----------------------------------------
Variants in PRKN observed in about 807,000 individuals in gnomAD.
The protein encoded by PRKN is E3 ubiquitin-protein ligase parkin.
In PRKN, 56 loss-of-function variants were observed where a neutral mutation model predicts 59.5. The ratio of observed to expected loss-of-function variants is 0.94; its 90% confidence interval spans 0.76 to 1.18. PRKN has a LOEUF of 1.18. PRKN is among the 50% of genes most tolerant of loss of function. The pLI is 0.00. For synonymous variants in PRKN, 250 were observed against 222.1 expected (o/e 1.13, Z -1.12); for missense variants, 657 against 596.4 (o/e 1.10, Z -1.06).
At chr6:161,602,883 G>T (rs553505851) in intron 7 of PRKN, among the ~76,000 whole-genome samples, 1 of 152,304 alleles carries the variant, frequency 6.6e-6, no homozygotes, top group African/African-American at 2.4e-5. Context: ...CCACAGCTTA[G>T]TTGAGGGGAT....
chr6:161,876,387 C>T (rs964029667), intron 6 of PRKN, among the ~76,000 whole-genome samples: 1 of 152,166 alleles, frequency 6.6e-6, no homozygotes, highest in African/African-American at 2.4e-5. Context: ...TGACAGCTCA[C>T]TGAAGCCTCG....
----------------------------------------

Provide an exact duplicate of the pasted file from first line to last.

Variants in PRKN observed in about 807,000 individuals in gnomAD.
The protein encoded by PRKN is E3 ubiquitin-protein ligase parkin.
In PRKN, 56 loss-of-function variants were observed where a neutral mutation model predicts 59.5. The ratio of observed to expected loss-of-function variants is 0.94; its 90% confidence interval spans 0.76 to 1.18. PRKN has a LOEUF of 1.18. PRKN is among the 50% of genes most tolerant of loss of function. The pLI is 0.00. For synonymous variants in PRKN, 250 were observed against 222.1 expected (o/e 1.13, Z -1.12); for missense variants, 657 against 596.4 (o/e 1.10, Z -1.06).
At chr6:161,602,883 G>T (rs553505851) in intron 7 of PRKN, among the ~76,000 whole-genome samples, 1 of 152,304 alleles carries the variant, frequency 6.6e-6, no homozygotes, top group African/African-American at 2.4e-5. Context: ...CCACAGCTTA[G>T]TTGAGGGGAT....
chr6:161,876,387 C>T (rs964029667), intron 6 of PRKN, among the ~76,000 whole-genome samples: 1 of 152,166 alleles, frequency 6.6e-6, no homozygotes, highest in African/African-American at 2.4e-5. Context: ...TGACAGCTCA[C>T]TGAAGCCTCG....